As state officials led local media on a tour of the Allentown State Hospital, a 107-year-old psychiatric hospital slated for demolition, efforts were underway to preserve historic structures on the property.
The state legislature passed a bill authorizing $15 million to be spent demolishing the 28 buildings on the 200-acre East Side Allentown property, which is owned by the state. The theory is that the site would be easier to sell as a green space than it would with buildings the state considers too expensive to rehabilitate.
[FOR A GALLERY OF PHOTOS OF THE ALLENTOWN STATE HOSPITAL CLICK HERE]
The property has been mostly vacant since the hospital closed in 2010 and state officials said no one came forward to buy the property during that time. It also noted that maintenance costs on the property run about $2.2 million a year.
But now the legislature has approved a direct conveyance to TCA Properties of Doylestown, giving the company an opportunity to negotiate to buy the property, which is currently appraised at $2.7 million, after the demolition is complete.
Since word of the planned demolition came out, sparked in part by the recent release of the M. Night Shyamalan movie “Glass”, which was filmed on the property in 2017, there have been calls to halt the demolition.
Former Allentown mayoral candidate and developer Nat Hyman said he reached out to the state offering to purchase the property for the appraised value with the buildings intact.
He said his company has experience rehabilitating older properties, which are often plagued with environmental problems like asbestos, and he feels he can rehabilitate the properties at a lower cost.
“I’ve done a lot of these kinds of buildings. It’s exponentially more expensive when you demolish,” he told Lehigh Valley Business.
While he didn’t have a specific plan, he said the “promenade” style of the property would make it appropriate for development as apartments, health care offices or other uses. He even offered to preserve land on the property for a school building for the Allentown School District.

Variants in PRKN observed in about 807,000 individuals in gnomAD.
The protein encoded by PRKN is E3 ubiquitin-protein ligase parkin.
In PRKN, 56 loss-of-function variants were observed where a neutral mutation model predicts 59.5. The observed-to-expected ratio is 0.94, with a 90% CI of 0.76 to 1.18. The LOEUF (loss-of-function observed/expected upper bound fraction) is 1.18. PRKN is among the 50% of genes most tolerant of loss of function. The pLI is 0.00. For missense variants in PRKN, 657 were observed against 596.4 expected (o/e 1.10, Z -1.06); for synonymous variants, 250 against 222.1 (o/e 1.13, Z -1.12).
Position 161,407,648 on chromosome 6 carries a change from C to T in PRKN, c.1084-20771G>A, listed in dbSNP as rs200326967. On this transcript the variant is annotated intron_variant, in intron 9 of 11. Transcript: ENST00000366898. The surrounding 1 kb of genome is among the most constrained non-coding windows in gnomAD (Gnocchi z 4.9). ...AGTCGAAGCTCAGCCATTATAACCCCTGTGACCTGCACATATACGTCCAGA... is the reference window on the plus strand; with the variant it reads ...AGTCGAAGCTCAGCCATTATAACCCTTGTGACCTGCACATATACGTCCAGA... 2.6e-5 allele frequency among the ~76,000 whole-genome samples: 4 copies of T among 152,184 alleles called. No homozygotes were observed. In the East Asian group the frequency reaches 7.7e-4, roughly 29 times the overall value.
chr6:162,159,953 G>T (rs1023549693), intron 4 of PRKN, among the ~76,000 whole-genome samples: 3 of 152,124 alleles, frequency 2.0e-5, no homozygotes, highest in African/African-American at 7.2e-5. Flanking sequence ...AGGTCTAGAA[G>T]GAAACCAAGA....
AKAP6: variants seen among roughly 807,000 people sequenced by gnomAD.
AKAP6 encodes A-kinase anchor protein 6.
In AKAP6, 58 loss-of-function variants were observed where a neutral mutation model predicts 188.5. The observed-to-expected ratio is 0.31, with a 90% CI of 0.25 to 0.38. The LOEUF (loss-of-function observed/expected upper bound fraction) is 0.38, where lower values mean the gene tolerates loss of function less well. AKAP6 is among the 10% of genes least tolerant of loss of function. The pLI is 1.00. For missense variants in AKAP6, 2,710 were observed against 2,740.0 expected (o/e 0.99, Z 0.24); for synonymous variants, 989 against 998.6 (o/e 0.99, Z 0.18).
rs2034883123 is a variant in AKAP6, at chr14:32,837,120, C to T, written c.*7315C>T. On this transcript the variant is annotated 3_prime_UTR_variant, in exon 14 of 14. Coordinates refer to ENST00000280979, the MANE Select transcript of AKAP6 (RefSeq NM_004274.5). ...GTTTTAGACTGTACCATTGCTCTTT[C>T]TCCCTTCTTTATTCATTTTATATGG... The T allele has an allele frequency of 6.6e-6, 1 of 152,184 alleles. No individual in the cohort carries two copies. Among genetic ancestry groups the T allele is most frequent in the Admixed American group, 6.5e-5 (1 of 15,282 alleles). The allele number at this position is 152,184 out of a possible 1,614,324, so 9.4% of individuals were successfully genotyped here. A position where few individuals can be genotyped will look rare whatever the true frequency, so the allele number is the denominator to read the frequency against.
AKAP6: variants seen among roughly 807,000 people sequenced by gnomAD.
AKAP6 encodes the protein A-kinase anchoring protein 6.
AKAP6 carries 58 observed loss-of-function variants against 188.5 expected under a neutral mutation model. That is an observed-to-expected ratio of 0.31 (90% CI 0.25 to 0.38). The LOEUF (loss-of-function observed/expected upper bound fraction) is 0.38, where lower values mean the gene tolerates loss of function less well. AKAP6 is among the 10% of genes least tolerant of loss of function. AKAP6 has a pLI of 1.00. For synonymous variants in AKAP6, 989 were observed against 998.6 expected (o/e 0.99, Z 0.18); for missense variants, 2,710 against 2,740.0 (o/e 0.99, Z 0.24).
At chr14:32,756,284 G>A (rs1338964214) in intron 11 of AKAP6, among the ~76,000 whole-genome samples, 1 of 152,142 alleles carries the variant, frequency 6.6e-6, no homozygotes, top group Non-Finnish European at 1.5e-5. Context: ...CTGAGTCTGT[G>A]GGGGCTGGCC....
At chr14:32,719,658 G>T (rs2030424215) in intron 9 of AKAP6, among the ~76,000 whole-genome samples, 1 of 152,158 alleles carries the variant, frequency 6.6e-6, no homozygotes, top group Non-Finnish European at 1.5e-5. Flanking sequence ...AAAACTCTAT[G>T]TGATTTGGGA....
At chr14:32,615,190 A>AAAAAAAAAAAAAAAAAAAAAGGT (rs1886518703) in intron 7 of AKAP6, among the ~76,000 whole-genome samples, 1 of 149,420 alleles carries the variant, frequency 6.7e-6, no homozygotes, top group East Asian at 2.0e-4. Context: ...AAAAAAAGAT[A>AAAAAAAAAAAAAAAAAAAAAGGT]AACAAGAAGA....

Meanwhile, an Allentown woman, Brooke Kemler, started a petition opposing the demolition roughly three weeks ago that has since garnered more than 4,000 signatures. She also has sent information packets on the history of the property and potential reuse options to regional state representatives and senators and the governor’s office.
She said she hopes to gather 10,000 signatures to show the state there is a desire to preserve the site for its history and architecture.
While she said it would be nice if the property could be used for apartments or perhaps school or community facilities, she said she has no specific plans for what she’d like to see on the site, just that the buildings are preserved.
“One of my biggest goals is just to draw more awareness. Some people haven’t heard about it,” she said. “It’s unique and it’s interesting.”
Kemler is joining with the Allentown Preservation league this Saturday, Jan. 26, to host a screening of the movie “Glass” at the Carmike 16 movie theater in Allentown. There, she said, they will pass out literature, discuss ideas for the hospital’s preservation and urge supporters to contact state representatives and ask them to reverse demolition plans.
So what are the buildings’ chances of being saved by the wrecking ball?
At first blush, they don’t seem strong.
Troy Thompson, spokesman for the Department of General Services, who hosted the tour of the hospital, said the demolition orders are a legislative matter, and the legislature voted in favor of it. His department is moving forward as if demolition is still the plan.
And local representatives don’t seem particularly keen on reversing their decision.
Allentown-area state Rep. Mike Schlossberg (D) said he voted for and remains in support of the demolition plan, which was proposed by Allentown-area state Sen. Pat Browne (R).
Schlossberg said that while he respects the fact that many people would like to see the building preserved, “nobody has shown me a way yet to make it more fiscally responsible.”
He said many people have pointed to a similar state hospital in Buffalo, New York, which was converted into a resort, but he noted that restoration project had many differences from the Allentown property and still cost more than $100 million.
He said while he appreciates the historic value of the buildings, he said the $100 million or more he estimates it would cost to rehabilitate the property would be better spent on schools or social services.
He also noted that much of what is historic about the building is being preserved.
Before demolition begins the Pennsylvania Historical Museum Commission will be picking through the building to save anything of historical value.
And Thompson pointed out that those concerned with spending $15 million on a property worth $2.57 million can be assured that the assessment will change if and when the structures are demolished.
While he didn’t have hard numbers, he said it’s expected that the sale amount would make the $15 million investment worthwhile, and that if a deal can’t be reached with TCA Properties, the state could negotiate with other potential buyers.
In addition to the sale proceeds flowing to the state, Schlossberg noted that any commercial reuse of the property would create jobs and bring in tax revenue, which it is not doing in its current abandoned state.